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This is a presentation given at the ICWSM 2010 in Washington, DC (www.icwsm.org). You can watch a video of the presentation on videolectures.net ...
This is a presentation given at the ICWSM 2010 in Washington, DC (www.icwsm.org). You can watch a video of the presentation on videolectures.net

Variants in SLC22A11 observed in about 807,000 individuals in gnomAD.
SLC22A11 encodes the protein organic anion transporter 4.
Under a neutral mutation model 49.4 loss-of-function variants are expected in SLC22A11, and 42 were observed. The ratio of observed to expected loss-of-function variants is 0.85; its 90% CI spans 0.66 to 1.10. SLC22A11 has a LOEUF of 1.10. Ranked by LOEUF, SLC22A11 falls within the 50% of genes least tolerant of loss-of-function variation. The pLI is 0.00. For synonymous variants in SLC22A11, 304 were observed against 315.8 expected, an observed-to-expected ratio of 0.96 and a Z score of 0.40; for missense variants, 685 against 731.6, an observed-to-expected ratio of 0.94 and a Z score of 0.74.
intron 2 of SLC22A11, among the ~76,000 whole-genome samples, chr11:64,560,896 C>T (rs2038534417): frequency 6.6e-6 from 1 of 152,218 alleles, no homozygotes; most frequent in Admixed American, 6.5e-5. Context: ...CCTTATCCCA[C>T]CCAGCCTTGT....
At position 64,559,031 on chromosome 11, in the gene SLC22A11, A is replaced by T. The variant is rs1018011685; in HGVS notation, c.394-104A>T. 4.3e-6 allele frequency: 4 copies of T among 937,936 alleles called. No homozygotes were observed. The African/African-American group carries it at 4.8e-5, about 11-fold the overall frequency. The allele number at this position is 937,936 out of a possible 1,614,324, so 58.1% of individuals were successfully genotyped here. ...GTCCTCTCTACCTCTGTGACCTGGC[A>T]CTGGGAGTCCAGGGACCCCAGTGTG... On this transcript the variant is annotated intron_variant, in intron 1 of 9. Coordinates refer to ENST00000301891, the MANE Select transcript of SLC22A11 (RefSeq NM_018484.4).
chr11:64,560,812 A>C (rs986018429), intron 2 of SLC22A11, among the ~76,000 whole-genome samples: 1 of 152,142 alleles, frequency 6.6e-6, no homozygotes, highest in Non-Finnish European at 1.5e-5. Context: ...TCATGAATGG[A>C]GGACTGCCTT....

Twitter is a microblogging website where users read and write millions of short messages on a variety of topics every day. This study uses the context of the German federal election to investigate whether Twitter is used as a forum for political deliberation and whether online messages on Twitter validly mirror offline political sentiment. Using LIWC text analysis software, we conducted a content-analysis of over 100,000 messages containing a reference to either a political party or a politician. Our results show that Twitter is indeed used extensively for political deliberation. We find that the mere number of messages mentioning a party reflects the election result. Moreover, joint mentions of two parties are in line with real world political ties and coalitions. An analysis of the tweets’ political sentiment demonstrates close correspondence to the parties' and politicians’ political positions indicating that the content of Twitter messages plausibly reflects the offline political landscape. We discuss the use of microblogging message content as a valid indicator of political sentiment and derive suggestions for further research.